What is it about?

There is unequivocal evidence for the increase in global-mean surface temperatures as a result of anthropogenic CO2 emissions. However, there is more uncertainty about the regional variation in the amount of warming due to anthropogenic influences. One reason for this uncertainty is that internal variability of the atmosphere-ocean system (e.g., El Niño) moves heat from one region to another, leading to variability in regional temperatures from year to year and decade to decade. Separating the forced and unforced components of climate change is critical challenge in climate science, as it is a necessary step in understanding the causes of observed changes and in improving projections of future changes in regional climate. Here, we show that pattern recognition methods can be trained to distinguish between forced and unforced components of global changes in temperature, rainfall, and sea-level pressure. This helps to detect changes that are small relative to the noise from internal climate variability. For example, after removing patterns of temperature change associated with El Niño, we find that observed temperatures in the eastern tropical Pacific have increased less than in other parts of the tropics, a change that is not well represented in climate models. Pattern recognition methods also help us identify hard to detect climate responses within climate models, such as changes in the jet stream over the North Atlantic and a reduction in rainfall over the U.S. Southwest in the years following tropical volcanic eruptions. We show that these methods help to separate the forced and unforced components of climate change using fewer ensemble members, even allowing for an approximation of the forced and unforced components of observed changes.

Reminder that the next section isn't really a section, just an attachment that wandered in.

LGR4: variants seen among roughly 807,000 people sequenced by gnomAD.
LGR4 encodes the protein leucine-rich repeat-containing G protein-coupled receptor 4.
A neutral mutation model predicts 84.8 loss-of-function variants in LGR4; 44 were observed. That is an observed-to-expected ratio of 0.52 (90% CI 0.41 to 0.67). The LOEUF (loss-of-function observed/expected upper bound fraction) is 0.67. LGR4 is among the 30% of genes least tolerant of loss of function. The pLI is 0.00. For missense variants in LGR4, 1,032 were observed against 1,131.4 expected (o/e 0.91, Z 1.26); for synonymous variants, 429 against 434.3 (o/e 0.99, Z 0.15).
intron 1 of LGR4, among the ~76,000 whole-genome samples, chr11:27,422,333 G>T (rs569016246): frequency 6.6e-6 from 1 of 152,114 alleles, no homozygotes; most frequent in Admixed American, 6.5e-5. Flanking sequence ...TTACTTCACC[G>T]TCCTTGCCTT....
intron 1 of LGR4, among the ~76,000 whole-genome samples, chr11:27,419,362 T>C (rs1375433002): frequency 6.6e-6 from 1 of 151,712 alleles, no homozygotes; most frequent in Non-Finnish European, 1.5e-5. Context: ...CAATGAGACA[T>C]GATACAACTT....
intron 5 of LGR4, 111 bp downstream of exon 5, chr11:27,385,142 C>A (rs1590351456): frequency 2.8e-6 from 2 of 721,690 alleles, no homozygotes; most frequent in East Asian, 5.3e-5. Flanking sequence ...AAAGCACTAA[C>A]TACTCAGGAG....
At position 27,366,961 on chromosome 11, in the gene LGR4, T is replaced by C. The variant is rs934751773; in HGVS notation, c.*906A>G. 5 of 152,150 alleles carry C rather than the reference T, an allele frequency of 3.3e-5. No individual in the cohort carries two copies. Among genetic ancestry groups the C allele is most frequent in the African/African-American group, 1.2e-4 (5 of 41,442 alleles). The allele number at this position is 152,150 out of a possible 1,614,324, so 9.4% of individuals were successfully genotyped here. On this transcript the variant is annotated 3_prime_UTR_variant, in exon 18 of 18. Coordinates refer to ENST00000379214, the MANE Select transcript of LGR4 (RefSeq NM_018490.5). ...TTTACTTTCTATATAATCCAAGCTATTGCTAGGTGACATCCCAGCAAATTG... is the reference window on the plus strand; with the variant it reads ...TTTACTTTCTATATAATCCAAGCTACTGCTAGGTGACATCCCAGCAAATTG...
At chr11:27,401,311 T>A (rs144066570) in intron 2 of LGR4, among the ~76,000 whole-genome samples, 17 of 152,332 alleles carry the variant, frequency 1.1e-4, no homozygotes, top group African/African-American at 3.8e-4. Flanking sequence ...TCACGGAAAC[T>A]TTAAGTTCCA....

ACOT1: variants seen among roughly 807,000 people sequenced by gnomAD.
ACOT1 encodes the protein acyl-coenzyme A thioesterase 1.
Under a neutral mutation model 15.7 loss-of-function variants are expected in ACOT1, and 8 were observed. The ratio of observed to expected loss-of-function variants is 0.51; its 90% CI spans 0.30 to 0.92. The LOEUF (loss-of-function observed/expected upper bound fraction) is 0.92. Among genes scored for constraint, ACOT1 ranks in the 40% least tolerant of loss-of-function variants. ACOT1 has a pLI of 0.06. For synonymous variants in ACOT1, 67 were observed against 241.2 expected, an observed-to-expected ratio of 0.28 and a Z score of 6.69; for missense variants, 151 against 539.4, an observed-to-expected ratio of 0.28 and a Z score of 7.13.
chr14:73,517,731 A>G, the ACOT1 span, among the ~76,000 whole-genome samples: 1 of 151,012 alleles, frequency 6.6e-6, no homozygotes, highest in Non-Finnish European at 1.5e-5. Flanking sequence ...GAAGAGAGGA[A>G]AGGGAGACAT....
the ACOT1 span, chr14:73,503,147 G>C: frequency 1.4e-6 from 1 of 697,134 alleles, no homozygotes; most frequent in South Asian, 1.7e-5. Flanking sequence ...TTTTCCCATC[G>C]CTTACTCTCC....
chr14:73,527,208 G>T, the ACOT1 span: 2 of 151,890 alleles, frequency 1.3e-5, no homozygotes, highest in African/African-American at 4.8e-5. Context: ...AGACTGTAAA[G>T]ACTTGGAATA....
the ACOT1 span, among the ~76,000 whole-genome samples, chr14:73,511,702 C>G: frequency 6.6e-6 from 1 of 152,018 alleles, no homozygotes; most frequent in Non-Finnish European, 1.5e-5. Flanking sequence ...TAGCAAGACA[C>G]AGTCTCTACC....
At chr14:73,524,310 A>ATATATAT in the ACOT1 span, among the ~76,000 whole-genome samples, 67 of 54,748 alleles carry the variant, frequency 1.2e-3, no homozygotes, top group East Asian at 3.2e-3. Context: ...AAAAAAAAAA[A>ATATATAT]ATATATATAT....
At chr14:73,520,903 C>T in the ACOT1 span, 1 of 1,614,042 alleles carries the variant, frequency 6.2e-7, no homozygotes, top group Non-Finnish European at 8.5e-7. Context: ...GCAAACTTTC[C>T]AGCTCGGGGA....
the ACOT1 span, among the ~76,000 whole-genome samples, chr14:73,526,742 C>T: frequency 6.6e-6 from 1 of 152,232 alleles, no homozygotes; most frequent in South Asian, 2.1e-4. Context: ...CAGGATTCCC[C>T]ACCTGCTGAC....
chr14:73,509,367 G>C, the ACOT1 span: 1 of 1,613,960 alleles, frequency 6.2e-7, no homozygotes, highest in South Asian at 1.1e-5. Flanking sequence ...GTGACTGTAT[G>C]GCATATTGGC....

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Why is it important?

A key finding of our study is that pattern recognition methods are able to detect the regional pattern of climate change using fewer ensemble members than traditional methods. In many climate studies, the same climate model is run numerous times with the same radiative forcing scenario but small differences in initial conditions. Averaging over this climate model ensemble helps to remove internal variability that varies between realizations. Pattern recognition helps to accomplish this same goal using fewer climate model simulations, allowing the separation of forced and unforced components within more computationally intensive (e.g., higher resolution) models. In some cases, pattern recognition can skillfully separate the forced and unforced components of climate change within individual realizations, allowing further insights into the causes of observed changes in regional climate.

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This page is a summary of: Pattern Recognition Methods to Separate Forced Responses from Internal Variability in Climate Model Ensembles and Observations, Journal of Climate, September 2020, American Meteorological Society, DOI: 10.1175/jcli-d-19-0855.1.
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